From Barc as, per the FT, hopes fade ” that Greece and its creditors would strike a definitive deal on Monday to unlock €7.2bn of desperately needed bailout funds and save the country from default.”
This guest contribution, from Giles Wilkes, sprung from a fierce internal debate amongst the FT’s leader writing team on Wednesday…
The standoff between the Greeks and their European creditors has often been compared to a Prisoner’s dilemma. This foundational scenario for game theory – famously, the expert discipline of Yanis Varoufakis, the Greek finance minister – concerns two prisoners accused of a crime who are handled separately by the police. Each are given the choice either of ratting on their accomplice, or staying silent. Should just one of the prisoners choose to rat on the other, he will walk free with a reward while his mate languishes in jail. If both hold firm, they each walk free unrewarded, while if they each betray their friend, then both are thrown into jail. Read more
Officially, Syriza wants Greece to remain in the euro area — but the strength of this desire obviously depends on the circumstances. There is no point in avoiding the costs of exit if staying in the single currency only guarantees years of stagnation, perhaps with the added pain of unhelpful “structural reforms” imposed for ideological reasons.
The question, then, is whether circumstances favour Greece staying in the monetary union, or striking out on its own. A fascinating set of notes from Oxford Economics suggests that you would be unwise to underestimate the chance that the Greek leadership voluntarily chooses to leave the euro area. Read more
Here’s former IMF staffer Peter Doyle , with some bold advice from the wings of the IMF Spring meetings…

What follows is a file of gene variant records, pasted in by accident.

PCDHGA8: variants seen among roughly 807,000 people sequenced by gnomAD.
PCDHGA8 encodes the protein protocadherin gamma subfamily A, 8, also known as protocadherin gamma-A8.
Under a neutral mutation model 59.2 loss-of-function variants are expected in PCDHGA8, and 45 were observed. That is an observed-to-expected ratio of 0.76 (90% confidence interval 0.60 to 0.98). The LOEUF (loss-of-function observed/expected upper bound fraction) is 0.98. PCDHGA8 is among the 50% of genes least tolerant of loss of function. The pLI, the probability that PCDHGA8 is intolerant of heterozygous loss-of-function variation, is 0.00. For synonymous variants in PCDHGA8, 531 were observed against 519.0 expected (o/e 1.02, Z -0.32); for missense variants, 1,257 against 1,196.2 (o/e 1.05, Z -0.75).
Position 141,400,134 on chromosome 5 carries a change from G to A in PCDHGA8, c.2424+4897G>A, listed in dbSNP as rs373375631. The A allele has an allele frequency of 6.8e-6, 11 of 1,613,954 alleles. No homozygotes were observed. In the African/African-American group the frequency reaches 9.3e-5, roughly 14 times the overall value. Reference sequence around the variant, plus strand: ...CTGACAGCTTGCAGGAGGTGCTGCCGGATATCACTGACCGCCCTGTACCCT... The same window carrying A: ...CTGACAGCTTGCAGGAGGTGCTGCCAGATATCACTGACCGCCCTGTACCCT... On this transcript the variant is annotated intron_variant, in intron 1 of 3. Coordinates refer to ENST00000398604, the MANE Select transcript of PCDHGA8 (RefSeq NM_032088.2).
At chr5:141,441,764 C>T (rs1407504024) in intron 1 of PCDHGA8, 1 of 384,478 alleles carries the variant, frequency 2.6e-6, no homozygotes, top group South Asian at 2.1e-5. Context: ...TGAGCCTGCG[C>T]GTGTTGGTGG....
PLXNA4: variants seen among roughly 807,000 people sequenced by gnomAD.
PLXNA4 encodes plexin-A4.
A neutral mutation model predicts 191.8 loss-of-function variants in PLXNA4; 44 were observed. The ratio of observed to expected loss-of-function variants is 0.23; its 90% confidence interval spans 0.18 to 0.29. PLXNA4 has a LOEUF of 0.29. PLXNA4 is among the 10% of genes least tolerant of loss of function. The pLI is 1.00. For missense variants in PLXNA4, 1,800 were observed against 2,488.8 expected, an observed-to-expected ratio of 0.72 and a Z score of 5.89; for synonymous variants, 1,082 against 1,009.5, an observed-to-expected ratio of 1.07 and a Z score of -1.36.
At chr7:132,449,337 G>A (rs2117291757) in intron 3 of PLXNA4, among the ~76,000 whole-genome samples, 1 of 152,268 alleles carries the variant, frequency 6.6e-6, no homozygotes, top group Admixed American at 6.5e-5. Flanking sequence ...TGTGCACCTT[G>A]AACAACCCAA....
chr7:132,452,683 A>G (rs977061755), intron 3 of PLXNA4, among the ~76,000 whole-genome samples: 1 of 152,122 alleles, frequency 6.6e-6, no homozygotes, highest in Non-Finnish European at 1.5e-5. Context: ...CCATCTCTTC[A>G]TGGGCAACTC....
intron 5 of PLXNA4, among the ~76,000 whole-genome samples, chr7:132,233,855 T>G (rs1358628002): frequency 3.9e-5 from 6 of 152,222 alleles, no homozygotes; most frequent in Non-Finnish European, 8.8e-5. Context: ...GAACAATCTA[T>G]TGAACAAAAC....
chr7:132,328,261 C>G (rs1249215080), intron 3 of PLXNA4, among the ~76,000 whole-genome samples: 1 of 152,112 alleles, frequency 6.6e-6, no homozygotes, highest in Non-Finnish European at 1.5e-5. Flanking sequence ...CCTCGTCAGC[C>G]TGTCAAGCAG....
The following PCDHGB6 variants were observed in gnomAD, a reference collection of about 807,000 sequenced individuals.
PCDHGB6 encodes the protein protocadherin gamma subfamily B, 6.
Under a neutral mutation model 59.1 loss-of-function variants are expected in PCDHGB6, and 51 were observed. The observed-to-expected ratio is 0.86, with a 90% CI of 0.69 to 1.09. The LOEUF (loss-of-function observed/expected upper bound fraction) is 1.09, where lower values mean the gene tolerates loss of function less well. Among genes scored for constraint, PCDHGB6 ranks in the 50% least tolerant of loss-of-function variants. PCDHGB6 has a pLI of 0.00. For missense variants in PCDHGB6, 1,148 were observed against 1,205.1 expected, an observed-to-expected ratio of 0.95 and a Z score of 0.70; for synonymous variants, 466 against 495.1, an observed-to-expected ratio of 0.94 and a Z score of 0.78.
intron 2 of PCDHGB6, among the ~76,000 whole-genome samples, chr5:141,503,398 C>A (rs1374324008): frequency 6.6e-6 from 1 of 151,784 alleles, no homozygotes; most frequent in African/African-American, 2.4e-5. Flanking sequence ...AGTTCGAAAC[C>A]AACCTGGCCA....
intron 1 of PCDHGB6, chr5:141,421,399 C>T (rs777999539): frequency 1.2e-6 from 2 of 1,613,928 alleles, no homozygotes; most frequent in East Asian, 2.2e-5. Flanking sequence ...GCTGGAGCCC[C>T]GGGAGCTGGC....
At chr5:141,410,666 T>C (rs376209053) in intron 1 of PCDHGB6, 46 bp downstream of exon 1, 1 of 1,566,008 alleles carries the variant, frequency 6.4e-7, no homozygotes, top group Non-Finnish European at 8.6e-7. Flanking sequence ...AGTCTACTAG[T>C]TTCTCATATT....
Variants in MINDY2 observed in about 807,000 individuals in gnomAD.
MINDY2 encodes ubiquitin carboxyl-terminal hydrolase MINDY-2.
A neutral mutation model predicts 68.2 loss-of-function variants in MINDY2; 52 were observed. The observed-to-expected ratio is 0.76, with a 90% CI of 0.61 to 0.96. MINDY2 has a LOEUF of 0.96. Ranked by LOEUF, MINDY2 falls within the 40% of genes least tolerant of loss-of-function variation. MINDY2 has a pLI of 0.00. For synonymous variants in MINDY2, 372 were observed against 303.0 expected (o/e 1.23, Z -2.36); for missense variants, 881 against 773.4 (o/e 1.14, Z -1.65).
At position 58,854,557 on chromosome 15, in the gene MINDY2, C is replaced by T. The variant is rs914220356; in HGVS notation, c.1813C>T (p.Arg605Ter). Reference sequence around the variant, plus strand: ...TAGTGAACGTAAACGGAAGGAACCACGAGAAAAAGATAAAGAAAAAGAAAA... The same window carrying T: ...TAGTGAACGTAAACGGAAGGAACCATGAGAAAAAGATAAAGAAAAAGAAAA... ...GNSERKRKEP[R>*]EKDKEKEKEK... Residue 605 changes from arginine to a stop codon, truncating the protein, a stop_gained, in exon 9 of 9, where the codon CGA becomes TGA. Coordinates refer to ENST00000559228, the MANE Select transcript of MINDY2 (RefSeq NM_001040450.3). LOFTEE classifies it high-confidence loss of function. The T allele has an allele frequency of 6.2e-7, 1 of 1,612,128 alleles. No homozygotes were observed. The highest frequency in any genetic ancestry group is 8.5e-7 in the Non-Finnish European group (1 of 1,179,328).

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With Greek sovereign yields blowing wider on Thursday (and pretty much staying there), it’s worth revisiting what exactly might happen if, say, May 1 arrives and Greece fails to pay the €200m due to the IMF that day.
Received wisdom has it that the ECB will withdraw the ELA — emergency liquidity assistance — currently propping up the Greek banking system, which will promptly collapse; Tsipras and Co would then be forced to bring back the Drachma (or similar) and Greece would exit the eurozone.
But what do the “rules” here say? In the case of the ELA they run to all of two pages. Click the image to read in full. Read more
Bond Vigilantes reminds us of this:
Greece has raised €3bn in a five-year bond deal after attracting in excess of €20bn in orders for its eagerly anticipated return to the bond market. The yield on the deal was confirmed at 4.95 per cent – much lower than most analysts expected. Read more
He walked into my office and threw the manuscript on my desk with a thud.
“It’s called Thankful For Zombies. A zombie story where…”
“Nope,” I said.
His face deflated like a balloon. “But I didn’t even…”
“Zombies are overdone,” I said.
“But this is a zombie story with a twist!”
“Zombie stories with twists are super overdone.”
– Scott Alexander, Dec 7
And he has a point. BUT he didn’t mention the French corporate sector. A large mistake exposed by BofAML’s Gilles Moec, who revels in the narrative freedom that mistake implies. Read more
Eric Dor of the IESEG School of Management in Lille has a handy table. Click to enlarge…